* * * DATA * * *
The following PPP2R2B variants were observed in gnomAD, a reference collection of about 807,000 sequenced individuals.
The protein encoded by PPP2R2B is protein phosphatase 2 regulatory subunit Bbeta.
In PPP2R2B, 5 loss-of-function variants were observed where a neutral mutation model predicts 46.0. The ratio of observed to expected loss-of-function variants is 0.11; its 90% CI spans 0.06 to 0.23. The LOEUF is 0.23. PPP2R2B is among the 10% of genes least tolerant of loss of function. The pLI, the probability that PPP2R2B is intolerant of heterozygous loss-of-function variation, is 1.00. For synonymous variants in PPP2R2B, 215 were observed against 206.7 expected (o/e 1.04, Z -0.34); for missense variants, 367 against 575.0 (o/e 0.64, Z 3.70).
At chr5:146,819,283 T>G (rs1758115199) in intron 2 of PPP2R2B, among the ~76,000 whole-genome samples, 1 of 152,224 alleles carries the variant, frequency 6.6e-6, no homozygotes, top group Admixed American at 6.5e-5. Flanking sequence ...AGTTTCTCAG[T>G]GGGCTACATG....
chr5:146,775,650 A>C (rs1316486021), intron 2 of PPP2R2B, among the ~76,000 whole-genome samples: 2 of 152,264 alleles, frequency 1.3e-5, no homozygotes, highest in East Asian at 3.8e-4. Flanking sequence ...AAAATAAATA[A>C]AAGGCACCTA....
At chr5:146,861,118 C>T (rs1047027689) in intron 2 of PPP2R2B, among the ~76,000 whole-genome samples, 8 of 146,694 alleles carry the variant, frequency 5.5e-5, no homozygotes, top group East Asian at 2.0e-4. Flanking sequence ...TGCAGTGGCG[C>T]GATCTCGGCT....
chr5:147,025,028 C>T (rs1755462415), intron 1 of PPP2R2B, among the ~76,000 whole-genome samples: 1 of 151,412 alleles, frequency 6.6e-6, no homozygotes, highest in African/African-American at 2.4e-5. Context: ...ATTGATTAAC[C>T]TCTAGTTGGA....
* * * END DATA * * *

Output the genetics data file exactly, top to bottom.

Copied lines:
The following PPP2R2B variants were observed in gnomAD, a reference collection of about 807,000 sequenced individuals.
The protein encoded by PPP2R2B is protein phosphatase 2 regulatory subunit Bbeta.
In PPP2R2B, 5 loss-of-function variants were observed where a neutral mutation model predicts 46.0. The ratio of observed to expected loss-of-function variants is 0.11; its 90% CI spans 0.06 to 0.23. The LOEUF is 0.23. PPP2R2B is among the 10% of genes least tolerant of loss of function. The pLI, the probability that PPP2R2B is intolerant of heterozygous loss-of-function variation, is 1.00. For synonymous variants in PPP2R2B, 215 were observed against 206.7 expected (o/e 1.04, Z -0.34); for missense variants, 367 against 575.0 (o/e 0.64, Z 3.70).
At chr5:146,819,283 T>G (rs1758115199) in intron 2 of PPP2R2B, among the ~76,000 whole-genome samples, 1 of 152,224 alleles carries the variant, frequency 6.6e-6, no homozygotes, top group Admixed American at 6.5e-5. Flanking sequence ...AGTTTCTCAG[T>G]GGGCTACATG....
chr5:146,775,650 A>C (rs1316486021), intron 2 of PPP2R2B, among the ~76,000 whole-genome samples: 2 of 152,264 alleles, frequency 1.3e-5, no homozygotes, highest in East Asian at 3.8e-4. Flanking sequence ...AAAATAAATA[A>C]AAGGCACCTA....
At chr5:146,861,118 C>T (rs1047027689) in intron 2 of PPP2R2B, among the ~76,000 whole-genome samples, 8 of 146,694 alleles carry the variant, frequency 5.5e-5, no homozygotes, top group East Asian at 2.0e-4. Flanking sequence ...TGCAGTGGCG[C>T]GATCTCGGCT....
chr5:147,025,028 C>T (rs1755462415), intron 1 of PPP2R2B, among the ~76,000 whole-genome samples: 1 of 151,412 alleles, frequency 6.6e-6, no homozygotes, highest in African/African-American at 2.4e-5. Context: ...ATTGATTAAC[C>T]TCTAGTTGGA....